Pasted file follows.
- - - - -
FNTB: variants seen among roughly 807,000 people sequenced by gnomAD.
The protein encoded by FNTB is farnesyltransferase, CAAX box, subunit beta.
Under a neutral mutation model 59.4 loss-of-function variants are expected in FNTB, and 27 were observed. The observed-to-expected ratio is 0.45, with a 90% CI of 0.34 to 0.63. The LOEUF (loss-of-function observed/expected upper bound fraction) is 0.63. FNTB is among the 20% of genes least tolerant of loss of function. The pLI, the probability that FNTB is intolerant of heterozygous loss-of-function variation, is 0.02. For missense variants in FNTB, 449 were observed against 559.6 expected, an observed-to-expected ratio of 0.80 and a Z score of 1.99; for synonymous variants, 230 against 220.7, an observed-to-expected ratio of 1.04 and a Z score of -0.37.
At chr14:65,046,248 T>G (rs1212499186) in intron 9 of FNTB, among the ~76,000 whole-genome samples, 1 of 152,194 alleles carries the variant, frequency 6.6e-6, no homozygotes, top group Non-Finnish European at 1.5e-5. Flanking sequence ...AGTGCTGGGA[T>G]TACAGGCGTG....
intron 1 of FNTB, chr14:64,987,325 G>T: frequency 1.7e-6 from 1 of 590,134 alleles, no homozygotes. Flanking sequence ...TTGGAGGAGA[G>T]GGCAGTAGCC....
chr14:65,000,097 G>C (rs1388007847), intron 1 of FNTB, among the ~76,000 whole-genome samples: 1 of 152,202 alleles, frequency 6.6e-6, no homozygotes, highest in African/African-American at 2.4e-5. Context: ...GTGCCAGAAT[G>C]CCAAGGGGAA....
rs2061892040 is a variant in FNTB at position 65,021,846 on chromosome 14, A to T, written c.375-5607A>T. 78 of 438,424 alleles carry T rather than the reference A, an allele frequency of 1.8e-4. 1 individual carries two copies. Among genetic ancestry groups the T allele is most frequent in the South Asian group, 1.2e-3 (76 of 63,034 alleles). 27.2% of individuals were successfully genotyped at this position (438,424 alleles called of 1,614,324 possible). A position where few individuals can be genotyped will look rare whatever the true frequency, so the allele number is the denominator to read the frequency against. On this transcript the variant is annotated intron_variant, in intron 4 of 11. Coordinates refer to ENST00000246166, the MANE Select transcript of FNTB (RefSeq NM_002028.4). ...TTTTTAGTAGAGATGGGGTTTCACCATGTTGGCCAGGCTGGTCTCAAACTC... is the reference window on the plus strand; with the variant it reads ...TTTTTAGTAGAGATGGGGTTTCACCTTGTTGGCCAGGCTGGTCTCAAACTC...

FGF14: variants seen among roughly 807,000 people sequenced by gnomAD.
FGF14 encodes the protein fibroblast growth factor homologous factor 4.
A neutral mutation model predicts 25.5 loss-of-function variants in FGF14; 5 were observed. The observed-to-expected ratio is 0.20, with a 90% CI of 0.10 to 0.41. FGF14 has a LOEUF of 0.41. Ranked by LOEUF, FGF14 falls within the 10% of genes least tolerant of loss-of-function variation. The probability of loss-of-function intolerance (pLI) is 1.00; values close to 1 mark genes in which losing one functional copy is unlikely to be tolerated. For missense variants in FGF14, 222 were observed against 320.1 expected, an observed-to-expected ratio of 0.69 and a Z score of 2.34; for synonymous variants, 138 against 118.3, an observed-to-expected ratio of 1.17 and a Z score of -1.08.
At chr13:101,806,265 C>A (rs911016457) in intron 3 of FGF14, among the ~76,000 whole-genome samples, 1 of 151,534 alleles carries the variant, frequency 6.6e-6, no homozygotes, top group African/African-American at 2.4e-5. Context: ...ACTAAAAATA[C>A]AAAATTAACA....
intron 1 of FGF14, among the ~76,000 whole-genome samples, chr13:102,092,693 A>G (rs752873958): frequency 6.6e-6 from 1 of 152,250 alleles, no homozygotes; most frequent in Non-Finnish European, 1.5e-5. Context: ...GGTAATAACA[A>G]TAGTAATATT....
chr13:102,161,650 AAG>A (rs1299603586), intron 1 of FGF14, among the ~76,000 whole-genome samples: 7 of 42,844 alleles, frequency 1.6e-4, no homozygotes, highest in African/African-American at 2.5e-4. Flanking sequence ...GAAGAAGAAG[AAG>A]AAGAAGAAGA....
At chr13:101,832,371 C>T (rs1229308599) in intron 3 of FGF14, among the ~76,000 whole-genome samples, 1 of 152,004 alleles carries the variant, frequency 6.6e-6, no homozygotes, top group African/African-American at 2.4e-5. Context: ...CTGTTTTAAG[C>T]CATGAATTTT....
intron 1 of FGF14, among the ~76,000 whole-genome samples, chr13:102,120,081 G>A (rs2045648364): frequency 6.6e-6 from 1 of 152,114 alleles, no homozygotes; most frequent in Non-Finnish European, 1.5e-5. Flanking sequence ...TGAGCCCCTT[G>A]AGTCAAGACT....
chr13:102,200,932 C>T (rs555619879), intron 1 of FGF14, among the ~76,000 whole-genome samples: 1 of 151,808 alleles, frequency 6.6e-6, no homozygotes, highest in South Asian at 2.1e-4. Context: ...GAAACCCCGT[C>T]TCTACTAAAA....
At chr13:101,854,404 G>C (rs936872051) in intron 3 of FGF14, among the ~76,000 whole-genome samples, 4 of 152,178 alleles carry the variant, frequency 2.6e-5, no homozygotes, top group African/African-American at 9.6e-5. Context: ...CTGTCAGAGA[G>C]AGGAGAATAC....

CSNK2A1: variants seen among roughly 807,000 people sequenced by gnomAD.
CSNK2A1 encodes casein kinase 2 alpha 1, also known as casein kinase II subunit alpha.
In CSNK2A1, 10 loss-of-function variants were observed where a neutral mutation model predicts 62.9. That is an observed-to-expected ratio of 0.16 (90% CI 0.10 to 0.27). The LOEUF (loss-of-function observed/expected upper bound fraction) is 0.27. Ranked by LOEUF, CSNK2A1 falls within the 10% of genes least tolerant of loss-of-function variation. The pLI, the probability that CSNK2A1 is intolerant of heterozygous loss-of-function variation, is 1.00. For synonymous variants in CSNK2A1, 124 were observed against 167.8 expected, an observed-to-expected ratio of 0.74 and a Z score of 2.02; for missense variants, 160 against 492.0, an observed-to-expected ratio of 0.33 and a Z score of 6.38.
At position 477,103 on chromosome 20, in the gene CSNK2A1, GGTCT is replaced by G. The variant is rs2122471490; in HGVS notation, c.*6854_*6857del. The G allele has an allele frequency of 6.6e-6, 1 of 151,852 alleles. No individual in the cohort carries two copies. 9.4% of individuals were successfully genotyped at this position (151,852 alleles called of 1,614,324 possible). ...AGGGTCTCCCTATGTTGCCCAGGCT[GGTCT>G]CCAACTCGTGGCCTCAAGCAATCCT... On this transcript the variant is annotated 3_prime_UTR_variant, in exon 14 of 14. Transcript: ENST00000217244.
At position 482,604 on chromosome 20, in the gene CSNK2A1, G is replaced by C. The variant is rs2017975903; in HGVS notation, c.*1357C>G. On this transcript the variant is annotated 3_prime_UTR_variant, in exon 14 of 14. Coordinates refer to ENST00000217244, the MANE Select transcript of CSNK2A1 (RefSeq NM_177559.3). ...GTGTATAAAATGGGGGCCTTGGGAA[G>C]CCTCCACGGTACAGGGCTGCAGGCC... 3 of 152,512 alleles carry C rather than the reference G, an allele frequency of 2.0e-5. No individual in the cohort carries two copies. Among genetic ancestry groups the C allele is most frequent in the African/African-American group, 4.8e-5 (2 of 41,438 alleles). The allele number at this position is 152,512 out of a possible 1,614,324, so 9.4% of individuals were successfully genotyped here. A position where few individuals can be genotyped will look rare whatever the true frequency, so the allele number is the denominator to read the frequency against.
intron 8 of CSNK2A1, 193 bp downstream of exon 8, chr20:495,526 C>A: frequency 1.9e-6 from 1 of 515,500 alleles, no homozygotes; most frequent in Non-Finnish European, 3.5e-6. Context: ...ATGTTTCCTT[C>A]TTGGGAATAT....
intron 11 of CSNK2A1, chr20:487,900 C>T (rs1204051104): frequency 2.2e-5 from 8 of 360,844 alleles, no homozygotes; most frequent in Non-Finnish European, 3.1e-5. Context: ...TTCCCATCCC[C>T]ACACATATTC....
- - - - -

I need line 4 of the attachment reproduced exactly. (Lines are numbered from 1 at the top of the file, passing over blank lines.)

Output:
At chr14:65,046,248 T>G (rs1212499186) in intron 9 of FNTB, among the ~76,000 whole-genome samples, 1 of 152,194 alleles carries the variant, frequency 6.6e-6, no homozygotes, top group Non-Finnish European at 1.5e-5. Flanking sequence ...AGTGCTGGGA[T>G]TACAGGCGTG....